California voters may have declined a single proposal of marijuana reform in 2010, but next year, it seems likely they will have their pick of four alternatives for legalization of recreational use and sale.
Last year, the Marijuana Control, Legalization and Revenue Act of 2014 failed to generate enough signatures to make it onto the ballot. However, the same group that introduced that measure is seeking public feedback on a proposal it wants to initiate next year. The advocates have granted open access to a Google Document in an effort to generate input.
That announcement follows the efforts of another group, the California Cannabis Hemp Initiative, to introduce a new measure that would legalize up to 12 pounds of marijuana for personal use. That group also attempted to promote ballot measures in 2010, 2012 and 2014, but, like the other group, was unable to garner enough signatures to get the measure on the ballot. The group’s latest effort involves appearing in several spots on HashBar TV.
The third measure is the California Artisan Cannabis Initiative of 2016. Behind this effort is a lawyer from Northern California who also tried in years past to introduce marijuana reform in the state. At the core of this proposal would be guidelines that would protect small farmers of the drug from competition from larger marijuana businesses and corporations once legalization has already taken place.
Finally, there is the Coalition for Cannabis Policy Reform, also known as ReformCA. This is considered by many to be the most credible group, as it is comprised of the same people that introduced Proposition 19 in 2010, and includes the NAACP, Oaksterdam University and California NORML. Currently, the group is collaborating with the Drug Policy Alliance and the Marijuana Policy Project to formulate a comprehensive marijuana legalization strategy that would satisfy both those who support liberal access and those who are more conservative on the issue.
It’s worth noting at this point, no single proposal has been offered up to the California Secretary of State. This is the first move for any such measure before it can make it onto the ballot. In order to ensure a proposal gets on the ballot, state rules require the language has to be submitted no later than July 7. That provides enough time for the secretary of state to review the proposal before the signature-gathering campaign begins.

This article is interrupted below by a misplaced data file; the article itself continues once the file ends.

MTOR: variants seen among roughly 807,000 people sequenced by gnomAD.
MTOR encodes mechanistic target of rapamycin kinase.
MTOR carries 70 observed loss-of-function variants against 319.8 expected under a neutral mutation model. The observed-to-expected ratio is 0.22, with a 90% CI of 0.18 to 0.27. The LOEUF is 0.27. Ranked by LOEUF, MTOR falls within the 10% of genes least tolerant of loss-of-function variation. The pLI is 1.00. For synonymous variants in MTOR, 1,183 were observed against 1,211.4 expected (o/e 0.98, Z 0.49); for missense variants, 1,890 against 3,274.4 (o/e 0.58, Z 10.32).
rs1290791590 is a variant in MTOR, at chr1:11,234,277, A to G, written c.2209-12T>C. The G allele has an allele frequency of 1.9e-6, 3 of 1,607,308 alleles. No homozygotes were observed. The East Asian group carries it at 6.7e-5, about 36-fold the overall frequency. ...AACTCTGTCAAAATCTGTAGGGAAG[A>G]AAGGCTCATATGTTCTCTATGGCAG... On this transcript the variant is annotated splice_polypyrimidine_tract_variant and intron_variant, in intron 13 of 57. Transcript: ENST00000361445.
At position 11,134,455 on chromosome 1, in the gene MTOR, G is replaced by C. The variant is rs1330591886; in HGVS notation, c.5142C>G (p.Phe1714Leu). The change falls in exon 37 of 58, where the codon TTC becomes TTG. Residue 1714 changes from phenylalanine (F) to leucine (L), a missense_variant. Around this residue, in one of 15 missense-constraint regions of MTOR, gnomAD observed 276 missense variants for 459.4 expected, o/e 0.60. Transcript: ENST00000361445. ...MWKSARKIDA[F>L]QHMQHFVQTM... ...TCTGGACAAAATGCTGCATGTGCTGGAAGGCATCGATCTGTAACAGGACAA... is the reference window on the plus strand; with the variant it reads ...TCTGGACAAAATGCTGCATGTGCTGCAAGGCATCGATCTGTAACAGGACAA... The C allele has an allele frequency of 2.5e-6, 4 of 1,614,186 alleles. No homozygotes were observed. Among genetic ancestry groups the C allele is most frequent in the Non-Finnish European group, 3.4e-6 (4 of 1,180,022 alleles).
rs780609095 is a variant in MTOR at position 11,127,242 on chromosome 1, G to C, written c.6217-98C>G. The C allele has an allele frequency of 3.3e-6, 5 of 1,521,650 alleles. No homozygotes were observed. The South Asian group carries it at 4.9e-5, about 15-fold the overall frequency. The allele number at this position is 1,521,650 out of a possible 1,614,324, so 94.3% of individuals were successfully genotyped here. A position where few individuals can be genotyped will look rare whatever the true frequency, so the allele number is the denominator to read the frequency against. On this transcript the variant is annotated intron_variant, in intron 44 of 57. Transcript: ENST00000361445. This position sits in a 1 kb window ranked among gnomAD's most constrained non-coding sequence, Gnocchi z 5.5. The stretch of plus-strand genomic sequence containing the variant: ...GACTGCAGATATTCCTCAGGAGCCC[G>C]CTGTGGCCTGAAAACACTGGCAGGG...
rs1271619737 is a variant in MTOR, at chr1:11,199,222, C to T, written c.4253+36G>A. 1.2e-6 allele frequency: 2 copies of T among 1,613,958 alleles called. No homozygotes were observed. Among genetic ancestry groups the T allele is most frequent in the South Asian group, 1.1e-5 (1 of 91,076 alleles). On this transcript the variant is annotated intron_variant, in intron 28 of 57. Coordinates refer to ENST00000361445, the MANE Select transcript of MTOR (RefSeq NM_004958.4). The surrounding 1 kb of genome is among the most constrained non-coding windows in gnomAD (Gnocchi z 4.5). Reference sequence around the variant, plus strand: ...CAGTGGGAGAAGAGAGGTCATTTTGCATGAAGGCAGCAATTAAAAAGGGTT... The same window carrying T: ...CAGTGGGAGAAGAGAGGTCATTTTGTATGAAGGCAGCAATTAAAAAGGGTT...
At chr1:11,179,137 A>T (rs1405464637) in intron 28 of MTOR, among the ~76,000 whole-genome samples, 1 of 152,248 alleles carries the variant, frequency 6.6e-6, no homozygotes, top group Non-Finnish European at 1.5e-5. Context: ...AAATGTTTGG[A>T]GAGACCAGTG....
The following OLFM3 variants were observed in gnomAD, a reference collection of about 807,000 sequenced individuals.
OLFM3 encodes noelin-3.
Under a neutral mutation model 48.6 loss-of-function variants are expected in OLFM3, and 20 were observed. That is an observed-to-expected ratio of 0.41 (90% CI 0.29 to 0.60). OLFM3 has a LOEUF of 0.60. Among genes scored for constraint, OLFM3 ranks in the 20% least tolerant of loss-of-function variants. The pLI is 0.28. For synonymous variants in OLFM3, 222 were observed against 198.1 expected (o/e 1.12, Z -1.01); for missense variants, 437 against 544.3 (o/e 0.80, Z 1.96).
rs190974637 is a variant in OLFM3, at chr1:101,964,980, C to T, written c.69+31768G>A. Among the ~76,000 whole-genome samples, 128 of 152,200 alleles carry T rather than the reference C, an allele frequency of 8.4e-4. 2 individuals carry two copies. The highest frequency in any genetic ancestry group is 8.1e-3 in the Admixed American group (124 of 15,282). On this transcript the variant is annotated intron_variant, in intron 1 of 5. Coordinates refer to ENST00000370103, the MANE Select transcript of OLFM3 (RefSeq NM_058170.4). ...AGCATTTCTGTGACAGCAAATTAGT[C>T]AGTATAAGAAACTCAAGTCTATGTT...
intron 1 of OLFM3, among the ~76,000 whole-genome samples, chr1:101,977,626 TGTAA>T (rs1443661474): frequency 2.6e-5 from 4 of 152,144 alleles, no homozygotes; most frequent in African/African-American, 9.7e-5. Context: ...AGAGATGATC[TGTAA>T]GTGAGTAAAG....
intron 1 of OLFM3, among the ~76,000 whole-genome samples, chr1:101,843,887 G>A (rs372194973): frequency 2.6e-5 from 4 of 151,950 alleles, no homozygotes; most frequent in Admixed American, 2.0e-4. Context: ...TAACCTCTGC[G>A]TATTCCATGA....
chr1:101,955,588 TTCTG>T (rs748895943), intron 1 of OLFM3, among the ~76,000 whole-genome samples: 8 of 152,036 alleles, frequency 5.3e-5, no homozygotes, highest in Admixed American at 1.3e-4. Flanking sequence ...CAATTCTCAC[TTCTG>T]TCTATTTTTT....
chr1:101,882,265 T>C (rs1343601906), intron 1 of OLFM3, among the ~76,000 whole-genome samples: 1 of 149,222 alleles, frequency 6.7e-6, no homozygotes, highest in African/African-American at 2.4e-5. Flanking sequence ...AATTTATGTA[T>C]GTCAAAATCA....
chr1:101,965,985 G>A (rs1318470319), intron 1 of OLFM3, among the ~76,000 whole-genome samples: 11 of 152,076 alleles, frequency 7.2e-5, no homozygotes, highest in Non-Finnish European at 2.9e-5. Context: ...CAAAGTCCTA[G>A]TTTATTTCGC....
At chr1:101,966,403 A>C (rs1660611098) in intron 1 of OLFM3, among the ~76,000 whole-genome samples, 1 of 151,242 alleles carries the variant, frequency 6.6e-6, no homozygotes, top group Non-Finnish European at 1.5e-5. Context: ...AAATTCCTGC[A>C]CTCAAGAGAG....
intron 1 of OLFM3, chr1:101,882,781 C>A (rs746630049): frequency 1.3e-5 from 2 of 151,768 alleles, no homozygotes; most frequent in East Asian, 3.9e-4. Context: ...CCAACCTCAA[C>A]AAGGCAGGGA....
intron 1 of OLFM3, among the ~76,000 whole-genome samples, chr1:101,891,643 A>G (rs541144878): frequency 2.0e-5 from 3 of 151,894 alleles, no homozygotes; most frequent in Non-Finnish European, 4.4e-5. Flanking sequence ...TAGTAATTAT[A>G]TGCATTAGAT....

Although historically. getting enough signatures on the ballot has been difficult, it’s actually expected to be easier this year than before due to several factors. The first is that the 2014 general election in California saw a record low voter turnout. That reduces the number necessary to reach a certain percentage of registered voters.
Beyond that, attitudes on marijuana legalization in California are shifting. Current drug laws are viewed as costly, ineffective and damaging to many communities. People are also seeing how the passage of recreational marijuana laws in other states like Colorado and Washington haven’t turned them into havens of illicit activity. The key is to make sure the drug’s cultivation and distribution are well-regulated.
Estimates are each campaign could cost upwards of $20 million a piece, and it’s unclear whether all four are equipped to shell out that much cash. They will have a deadline of August 1 to report their coffers and intended expenditures to the state.
Political experts say that while there is a majority support for marijuana legalization in California, it is still slim. It will be imperative for that majority to turn out to vote, and these groups will have to work hard to sway the 30 percent who don’t at this time feel strongly about the issue one way or the other.
The Los Angeles CANNABIS LAW Group represents growers, dispensaries, collectives, patients and those facing marijuana charges. Call us at 714-937-2050.
California marijuana legalization already a four-way tussle, March 11, 2015, By David Downs, SFgate.com
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